HSP70 regulates the proteasomal degradation of the structural proteins VP1 and VP3. A, B Cells were co-transfected with different concentrations of HSP70-HA, VP1-Flag, and VP3-Flag, and protein expression was analyzed by Western blotting at 24 h post-transfection. C, D DEFs were transfected with VP1-Flag or VP3-Flag and incubated with VER155008 or DMSO. After 24 h, MG132 was added to the medium, and after 12 h, protein expression in the cell lysates was analyzed by Western blotting. E, F DEFs were co-transfected with HSP70-HA, VP1-Flag, and VP3-Flag, and the cells were treated with CHX (100 mg/μL) after 24 h. The cell lysates were harvested at 0, 3, 6, and 9 h, after which protein expression was measured via Western blotting. G, H DEFs were co-transfected with HSP70(1-384)-HA or HSP70(384-634)-HA and with VP1-Flag or VP3-Flag and treated with CHX. VP1 and VP3 protein expression levels were analyzed via Western blotting.

HSP70 is a heat shock protein that acts as a chaperone to promote protein folding and assist in maintaining the correct conformation. Previous results showed that HSP70 promotes the assembly of DHAV-1, and it was speculated that HSP70 can affect the assembly of DHAV-1 by ensuring the correct folding of capsid proteins. Therefore, we hypothesized that HSP70 might regulate the stability of VP1 and VP3. To confirm our hypothesis, VP1 and VP3 were transfected into DEFs, and DMSO or VER155008 was added. The protein expression levels of VP1 and VP3 were significantly decreased in the inhibitor group compared with the DMSO control group (Figures 7C and D). The half-lives of VP1 and VP3 in DEFs treated with cycloheximide (CHX) were subsequently analyzed via Western blotting. The results showed that overexpression of HSP70 significantly prolonged the accumulation of VP1 and VP3 (Figures 7E and F). As shown in Figures 7C and D, after MG132 was used to inhibit the protein degradation pathway, it was found that MG132 effectively reversed the decreases in the protein levels of VP1 and VP3 induced by the inhibitor. These results suggest that HSP70 can regulate the proteasome pathway to maintain the stability of VP1 and VP3.

The two domains of HSP70 interact with the viral proteins VP1 and VP3. To explore which functional domain of HSP70 stabilizes the structural proteins VP1 and VP3, truncated HSP70, VP1, and VP3 were co-transfected into DEFs treated with CHX, and the expression of the VP1 and VP proteins was measured. Overexpression of truncated HSP70 did not stabilize VP1 or VP3, suggesting that the synergistic action of the two functional domains of HSP70 is required for the protein to exert its function (Figures 7G and H).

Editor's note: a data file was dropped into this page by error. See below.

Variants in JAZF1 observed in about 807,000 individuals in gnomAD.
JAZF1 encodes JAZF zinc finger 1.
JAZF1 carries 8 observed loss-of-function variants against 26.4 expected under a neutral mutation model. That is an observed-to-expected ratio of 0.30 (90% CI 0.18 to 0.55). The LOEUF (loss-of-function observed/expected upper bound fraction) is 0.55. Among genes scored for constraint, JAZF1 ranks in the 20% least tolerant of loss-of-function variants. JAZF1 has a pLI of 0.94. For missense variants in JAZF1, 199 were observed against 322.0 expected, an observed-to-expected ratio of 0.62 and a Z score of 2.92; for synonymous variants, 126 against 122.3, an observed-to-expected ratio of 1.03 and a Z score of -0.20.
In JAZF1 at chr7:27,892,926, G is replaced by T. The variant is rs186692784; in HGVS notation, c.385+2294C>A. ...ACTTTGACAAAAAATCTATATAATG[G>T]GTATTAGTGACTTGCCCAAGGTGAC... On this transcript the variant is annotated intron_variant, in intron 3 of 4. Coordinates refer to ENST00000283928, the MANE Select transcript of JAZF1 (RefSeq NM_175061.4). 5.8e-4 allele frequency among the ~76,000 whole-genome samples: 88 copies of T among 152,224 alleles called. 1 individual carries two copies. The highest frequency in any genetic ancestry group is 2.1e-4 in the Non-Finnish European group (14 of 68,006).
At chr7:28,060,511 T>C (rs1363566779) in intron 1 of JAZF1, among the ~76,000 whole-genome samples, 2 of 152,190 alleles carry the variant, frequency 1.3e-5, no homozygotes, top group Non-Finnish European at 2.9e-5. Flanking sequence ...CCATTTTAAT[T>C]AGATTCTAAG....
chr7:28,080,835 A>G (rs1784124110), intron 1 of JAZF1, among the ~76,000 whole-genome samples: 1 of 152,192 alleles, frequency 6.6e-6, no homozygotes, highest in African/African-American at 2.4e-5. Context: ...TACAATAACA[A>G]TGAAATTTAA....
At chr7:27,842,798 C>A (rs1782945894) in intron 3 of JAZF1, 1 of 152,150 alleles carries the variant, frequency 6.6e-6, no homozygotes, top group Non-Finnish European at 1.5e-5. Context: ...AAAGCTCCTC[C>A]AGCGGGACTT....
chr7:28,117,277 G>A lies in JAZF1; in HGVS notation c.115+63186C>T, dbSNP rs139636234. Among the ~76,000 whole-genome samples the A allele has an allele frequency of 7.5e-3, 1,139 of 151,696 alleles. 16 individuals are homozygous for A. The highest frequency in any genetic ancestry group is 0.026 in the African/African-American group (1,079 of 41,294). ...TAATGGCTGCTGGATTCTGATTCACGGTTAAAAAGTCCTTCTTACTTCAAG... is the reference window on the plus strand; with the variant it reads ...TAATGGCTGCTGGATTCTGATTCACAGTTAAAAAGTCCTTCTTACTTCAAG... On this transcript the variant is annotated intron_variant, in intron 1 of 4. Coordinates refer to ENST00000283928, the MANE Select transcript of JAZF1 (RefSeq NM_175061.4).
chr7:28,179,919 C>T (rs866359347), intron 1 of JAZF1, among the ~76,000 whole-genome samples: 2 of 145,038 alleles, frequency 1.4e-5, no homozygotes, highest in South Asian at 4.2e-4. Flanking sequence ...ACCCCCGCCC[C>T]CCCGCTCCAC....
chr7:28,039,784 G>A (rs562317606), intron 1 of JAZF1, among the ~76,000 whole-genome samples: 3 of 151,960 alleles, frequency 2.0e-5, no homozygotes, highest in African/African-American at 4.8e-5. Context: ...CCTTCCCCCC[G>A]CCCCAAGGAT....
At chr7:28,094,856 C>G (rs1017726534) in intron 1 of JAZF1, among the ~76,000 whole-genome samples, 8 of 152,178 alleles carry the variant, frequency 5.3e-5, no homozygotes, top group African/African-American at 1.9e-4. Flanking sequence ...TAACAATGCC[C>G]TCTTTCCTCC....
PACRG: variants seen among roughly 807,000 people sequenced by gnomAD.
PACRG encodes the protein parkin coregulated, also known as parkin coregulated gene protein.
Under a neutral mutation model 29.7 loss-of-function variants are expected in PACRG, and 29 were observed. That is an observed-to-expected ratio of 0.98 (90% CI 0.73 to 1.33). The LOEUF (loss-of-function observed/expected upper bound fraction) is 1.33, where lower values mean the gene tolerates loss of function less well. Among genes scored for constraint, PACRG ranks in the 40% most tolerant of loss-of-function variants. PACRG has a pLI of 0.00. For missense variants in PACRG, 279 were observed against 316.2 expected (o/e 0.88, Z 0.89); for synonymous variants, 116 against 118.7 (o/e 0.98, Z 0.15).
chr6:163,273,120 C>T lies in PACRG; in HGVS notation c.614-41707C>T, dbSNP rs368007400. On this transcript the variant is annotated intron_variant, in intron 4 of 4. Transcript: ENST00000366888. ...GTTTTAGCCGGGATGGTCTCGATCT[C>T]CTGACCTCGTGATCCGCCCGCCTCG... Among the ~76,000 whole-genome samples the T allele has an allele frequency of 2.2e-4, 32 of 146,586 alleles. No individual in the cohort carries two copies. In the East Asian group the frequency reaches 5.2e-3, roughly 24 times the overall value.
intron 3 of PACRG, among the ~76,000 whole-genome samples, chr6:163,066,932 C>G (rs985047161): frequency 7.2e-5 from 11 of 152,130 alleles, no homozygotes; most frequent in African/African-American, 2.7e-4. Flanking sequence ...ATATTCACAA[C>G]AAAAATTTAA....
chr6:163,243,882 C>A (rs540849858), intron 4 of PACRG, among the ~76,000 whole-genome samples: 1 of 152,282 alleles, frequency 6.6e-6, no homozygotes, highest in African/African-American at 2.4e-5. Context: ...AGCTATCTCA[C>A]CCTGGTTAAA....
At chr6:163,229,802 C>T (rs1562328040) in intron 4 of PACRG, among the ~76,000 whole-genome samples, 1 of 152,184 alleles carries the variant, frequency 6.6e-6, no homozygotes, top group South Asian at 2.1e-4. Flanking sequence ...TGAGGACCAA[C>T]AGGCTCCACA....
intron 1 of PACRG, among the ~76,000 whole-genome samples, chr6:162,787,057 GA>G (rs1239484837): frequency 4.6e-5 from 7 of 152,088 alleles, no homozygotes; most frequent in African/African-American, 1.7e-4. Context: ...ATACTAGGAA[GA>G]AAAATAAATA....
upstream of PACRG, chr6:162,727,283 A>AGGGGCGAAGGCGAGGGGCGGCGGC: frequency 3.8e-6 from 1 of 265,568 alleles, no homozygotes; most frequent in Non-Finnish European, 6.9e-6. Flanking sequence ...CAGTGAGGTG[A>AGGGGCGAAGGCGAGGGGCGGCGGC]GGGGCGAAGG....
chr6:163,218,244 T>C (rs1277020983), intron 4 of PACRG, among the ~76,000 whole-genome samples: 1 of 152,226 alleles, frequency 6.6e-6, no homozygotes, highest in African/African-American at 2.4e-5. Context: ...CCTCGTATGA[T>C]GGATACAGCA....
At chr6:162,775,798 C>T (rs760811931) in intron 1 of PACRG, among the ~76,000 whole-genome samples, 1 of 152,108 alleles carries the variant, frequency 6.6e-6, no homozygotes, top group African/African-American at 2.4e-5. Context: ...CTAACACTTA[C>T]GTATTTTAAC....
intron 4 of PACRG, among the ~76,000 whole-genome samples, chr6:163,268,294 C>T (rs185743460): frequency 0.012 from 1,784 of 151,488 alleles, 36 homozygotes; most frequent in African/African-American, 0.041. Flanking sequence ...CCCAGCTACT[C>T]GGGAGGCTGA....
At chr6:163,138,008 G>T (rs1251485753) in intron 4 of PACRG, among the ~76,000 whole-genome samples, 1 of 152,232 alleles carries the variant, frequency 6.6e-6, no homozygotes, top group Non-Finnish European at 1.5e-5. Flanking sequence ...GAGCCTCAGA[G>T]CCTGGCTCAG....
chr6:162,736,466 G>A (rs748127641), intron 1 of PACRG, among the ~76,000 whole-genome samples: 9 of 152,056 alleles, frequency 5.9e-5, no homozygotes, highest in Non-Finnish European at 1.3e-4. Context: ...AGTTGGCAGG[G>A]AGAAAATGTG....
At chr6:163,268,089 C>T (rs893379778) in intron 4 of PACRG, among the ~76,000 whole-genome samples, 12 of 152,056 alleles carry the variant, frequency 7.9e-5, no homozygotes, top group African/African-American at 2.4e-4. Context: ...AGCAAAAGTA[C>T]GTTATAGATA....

Discussion

RNA viruses rely on host mechanisms to support the viral life cycle because of their small genomes. During viral infection, large amounts of viral proteins are synthesized rapidly, so the correct folding of these viral proteins is a limiting step in virus infection [28]. It has been reported that HSP70 is a key factor used by many viruses, and the addition of HSP70 inhibitors inhibits the replication of viruses such as EV71 of the Picornaviridae family [19], Zika virus [29] and dengue virus [27] of the Flaviviridae family, porcine reproductive and respiratory syndrome virus (PRRSV) of the Arteriviridae family [30], and rabies virus of the Rhabdoviridae family [31]. Here, we investigated the role of HSP70 in multiple steps in the life cycle of DHAV-1. Our results showed that HSP70 was involved in the translation, replication, assembly, and release of DHAV-1, highlighting the important role of HSP70 in DHAV-1 infection.

It is a common that HSP70 is involved in viral proliferation. A large amount of studies indicates that HSP70 chaperones are involved in different stages of viral life cycle. The life cycle of the virus begins with the binding of the virus and cell surface receptors. Previous studies have reported that EV71 [22], Zika virus [29, 32], dengue virus [27], PEDV [33], PRRSV [34], and TGEV [35] use HSP70 located on the cell surface to assist in virus adsorption and invasion. Therefore, we performed a drug treatment experiment [36] to explore the role of HSP70 in the DHAV-1 life cycle. Unlike EV71 and Zika that use HSP70 to participate in the whole life cycle, our results showed that HSP70 was involved mainly in the post-entry step of HSP70 replication but was not involved in attachment or entry. It has also been reported that TUMV of the Flaviviridae family does not affect virus adsorption but participates in virus replication [37], which is similar to DHAV-1, suggesting that different viruses may utilize HSP70 in different life cycle processes. We suspect that this difference might be related to the type of cells, the expression and distribution of HSP70 in cells, and the characteristics of virus itself. Further analysis revealed that HSP70 affected the translation, replication, assembly, and release of DHAV-1. This study focused on the effects of HSP70 on DHAV-1 translation and assembly.